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Hope In A Child: Christmas Isn't Cancelled

Author: Tom Fairman

Picture: Piqsels

Hope In A Child: Christmas Isn't Cancelled

The struggles of the first Christmas can help us in our own struggles, as we prepare for a different kind of Christmas in 2020, says Tom Fairman.

The preparations we make during Advent are filled with wonder and excitement, designed to create anticipation in us. It becomes almost palpable in the air, as if Creation itself is holding its breath in its own act of awe-filled anticipation.

From the beginning of time, the world and all it holds has been waiting in anticipation for that first moment of incarnation-waiting for God to enter history, waiting for the moment when Jesus Christ, who formed the stars and moulded the heavens, would take on human flesh as a beautiful, vulnerable, screaming baby. As a child just like us.

In that moment God chose to share in everything with us, and chose to join with humanity in all the beauty and ugliness that it takes. The universe became a vessel for the divine and humanity came to worship a God who is not far away, distant or otherly, but a God who is one of us.

The First Christmas Was Incredibly Hard

So the incarnation is truly a moment worthy of celebration, worthy of choirs of angels, worthy of celebrating with those nearest and dearest to us.

However, we know this year is going to be different.

This year we may not be able to gather around our trees with extended family and friends or be able to gather as one community to worship and give glory to God. Many of us are facing down the fear of spending Christmas alone, cut off and isolated and it is going to be incredibly hard.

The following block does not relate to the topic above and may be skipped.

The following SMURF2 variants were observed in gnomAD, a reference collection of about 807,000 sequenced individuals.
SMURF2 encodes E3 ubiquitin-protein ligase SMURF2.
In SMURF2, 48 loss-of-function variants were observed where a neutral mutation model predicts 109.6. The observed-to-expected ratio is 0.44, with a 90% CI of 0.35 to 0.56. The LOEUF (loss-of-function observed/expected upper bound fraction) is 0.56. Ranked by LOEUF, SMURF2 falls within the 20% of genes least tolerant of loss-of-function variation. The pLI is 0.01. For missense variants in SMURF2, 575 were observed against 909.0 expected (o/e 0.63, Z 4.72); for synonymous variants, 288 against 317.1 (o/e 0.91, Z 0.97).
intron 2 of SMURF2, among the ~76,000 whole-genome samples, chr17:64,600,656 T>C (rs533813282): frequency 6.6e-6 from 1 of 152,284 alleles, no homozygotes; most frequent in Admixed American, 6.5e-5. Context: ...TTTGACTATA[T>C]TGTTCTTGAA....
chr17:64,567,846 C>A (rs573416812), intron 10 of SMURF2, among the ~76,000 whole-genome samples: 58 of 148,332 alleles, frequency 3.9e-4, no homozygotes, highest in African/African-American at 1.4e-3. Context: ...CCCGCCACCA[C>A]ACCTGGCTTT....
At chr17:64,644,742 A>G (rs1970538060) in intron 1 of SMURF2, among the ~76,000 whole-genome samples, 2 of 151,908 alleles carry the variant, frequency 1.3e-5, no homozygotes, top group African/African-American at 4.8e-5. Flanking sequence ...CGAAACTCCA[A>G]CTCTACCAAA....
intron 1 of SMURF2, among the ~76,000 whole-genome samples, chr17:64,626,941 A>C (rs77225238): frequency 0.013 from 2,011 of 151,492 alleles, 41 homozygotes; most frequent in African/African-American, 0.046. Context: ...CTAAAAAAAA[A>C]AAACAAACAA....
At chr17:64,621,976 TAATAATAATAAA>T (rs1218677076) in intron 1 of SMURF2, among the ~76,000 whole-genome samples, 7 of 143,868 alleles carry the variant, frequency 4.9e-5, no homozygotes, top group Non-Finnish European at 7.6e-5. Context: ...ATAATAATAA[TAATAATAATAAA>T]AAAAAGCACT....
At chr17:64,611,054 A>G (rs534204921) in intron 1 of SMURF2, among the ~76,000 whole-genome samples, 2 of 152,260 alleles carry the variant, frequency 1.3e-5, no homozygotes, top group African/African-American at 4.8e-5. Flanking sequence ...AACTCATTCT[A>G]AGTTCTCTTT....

Yet it was incredibly hard that first Christmas too-for a young family who found themselves on the wrong side of religious law with a baby out of wedlock; for a young couple forced to travel from their home across the country by decree of the government; for a heavily pregnant woman as her betrothed was unable to find shelter.

This was a family isolated, cut off, locked out and forced to find warmth and comfort in a stable. Take a look at the nativity scene; there is no colour, no merriment, no busyness and yet there is no loss.

"I made you, I know you, I love you"

Eventually the time came, and the incarnation happened there on that silent night, in the lowly cattle shed without fanfare or an audience, without plans, comfort or support.

God chooses to change humanity again and again in places where the world is left on the outside and only us on the inside.

In a cold, dark tomb, alone and shut in, Jesus descended into hell, defeated death and rose from the dead. The apostles were locked in the upper room scared, isolated, when the Holy Spirit came in power.

As humanity, perhaps we need to be taken away from ourselves, forced to let everything else fall away, compelled to be empty for something new to be born within us.

Perhaps it is only in this moment that we can truly hear the words of love that are spoken through the incarnation: I made you, I know you and I love you.

Let Us Listen

Therefore, as we awake on this Christmas morning, as the sun rises and light breaks into our decorated, empty rooms, as the birds awaken in song and before we switch on our phones to share our joy, let us listen; listen for the sound of birth, listen for the sound of Jesus crying on that first morning, listen as the incarnation is awoken in your soul in the silence, listen as God blesses your humanity and reveals your true worth to yourself.

Then our worship and virtual celebrations can begin in earnest, allowing the shepherds and wise men to visit.

Then we can truly realise Christmas isn't cancelled -and can never be cancelled.

  • Visit Tom's blog  for a longer version of this article.

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